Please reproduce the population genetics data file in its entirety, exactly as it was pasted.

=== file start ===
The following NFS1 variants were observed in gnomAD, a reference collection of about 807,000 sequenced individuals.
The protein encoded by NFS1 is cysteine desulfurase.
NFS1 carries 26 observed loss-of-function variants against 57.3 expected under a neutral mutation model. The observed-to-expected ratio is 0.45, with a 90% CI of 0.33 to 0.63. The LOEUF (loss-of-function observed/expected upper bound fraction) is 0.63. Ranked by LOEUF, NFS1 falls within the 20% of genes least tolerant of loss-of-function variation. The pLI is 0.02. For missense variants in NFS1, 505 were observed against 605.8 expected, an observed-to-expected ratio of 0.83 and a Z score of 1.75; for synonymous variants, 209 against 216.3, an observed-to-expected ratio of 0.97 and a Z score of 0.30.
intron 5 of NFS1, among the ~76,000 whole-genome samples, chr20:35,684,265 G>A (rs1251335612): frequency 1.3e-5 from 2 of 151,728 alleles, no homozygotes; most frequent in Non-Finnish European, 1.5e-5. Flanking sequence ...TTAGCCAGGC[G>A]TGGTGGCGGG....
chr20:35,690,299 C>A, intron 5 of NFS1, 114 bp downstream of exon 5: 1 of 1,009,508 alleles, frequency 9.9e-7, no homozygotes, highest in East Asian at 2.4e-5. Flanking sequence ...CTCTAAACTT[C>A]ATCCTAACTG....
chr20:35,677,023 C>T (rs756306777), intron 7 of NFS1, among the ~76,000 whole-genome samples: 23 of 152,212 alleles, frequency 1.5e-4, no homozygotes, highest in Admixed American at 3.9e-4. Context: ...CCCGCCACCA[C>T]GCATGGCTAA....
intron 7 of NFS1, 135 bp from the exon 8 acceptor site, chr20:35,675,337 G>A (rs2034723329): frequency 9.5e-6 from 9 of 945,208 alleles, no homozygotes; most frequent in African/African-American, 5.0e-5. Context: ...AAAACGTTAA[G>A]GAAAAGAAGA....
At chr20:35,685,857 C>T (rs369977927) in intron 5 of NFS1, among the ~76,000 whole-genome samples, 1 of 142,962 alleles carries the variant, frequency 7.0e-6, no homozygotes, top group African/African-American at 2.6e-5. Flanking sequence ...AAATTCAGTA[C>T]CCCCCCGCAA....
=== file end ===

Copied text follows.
The following NFS1 variants were observed in gnomAD, a reference collection of about 807,000 sequenced individuals.
The protein encoded by NFS1 is cysteine desulfurase.
NFS1 carries 26 observed loss-of-function variants against 57.3 expected under a neutral mutation model. The observed-to-expected ratio is 0.45, with a 90% CI of 0.33 to 0.63. The LOEUF (loss-of-function observed/expected upper bound fraction) is 0.63. Ranked by LOEUF, NFS1 falls within the 20% of genes least tolerant of loss-of-function variation. The pLI is 0.02. For missense variants in NFS1, 505 were observed against 605.8 expected, an observed-to-expected ratio of 0.83 and a Z score of 1.75; for synonymous variants, 209 against 216.3, an observed-to-expected ratio of 0.97 and a Z score of 0.30.
intron 5 of NFS1, among the ~76,000 whole-genome samples, chr20:35,684,265 G>A (rs1251335612): frequency 1.3e-5 from 2 of 151,728 alleles, no homozygotes; most frequent in Non-Finnish European, 1.5e-5. Flanking sequence ...TTAGCCAGGC[G>A]TGGTGGCGGG....
chr20:35,690,299 C>A, intron 5 of NFS1, 114 bp downstream of exon 5: 1 of 1,009,508 alleles, frequency 9.9e-7, no homozygotes, highest in East Asian at 2.4e-5. Flanking sequence ...CTCTAAACTT[C>A]ATCCTAACTG....
chr20:35,677,023 C>T (rs756306777), intron 7 of NFS1, among the ~76,000 whole-genome samples: 23 of 152,212 alleles, frequency 1.5e-4, no homozygotes, highest in Admixed American at 3.9e-4. Context: ...CCCGCCACCA[C>T]GCATGGCTAA....
intron 7 of NFS1, 135 bp from the exon 8 acceptor site, chr20:35,675,337 G>A (rs2034723329): frequency 9.5e-6 from 9 of 945,208 alleles, no homozygotes; most frequent in African/African-American, 5.0e-5. Context: ...AAAACGTTAA[G>A]GAAAAGAAGA....
At chr20:35,685,857 C>T (rs369977927) in intron 5 of NFS1, among the ~76,000 whole-genome samples, 1 of 142,962 alleles carries the variant, frequency 7.0e-6, no homozygotes, top group African/African-American at 2.6e-5. Flanking sequence ...AAATTCAGTA[C>T]CCCCCCGCAA....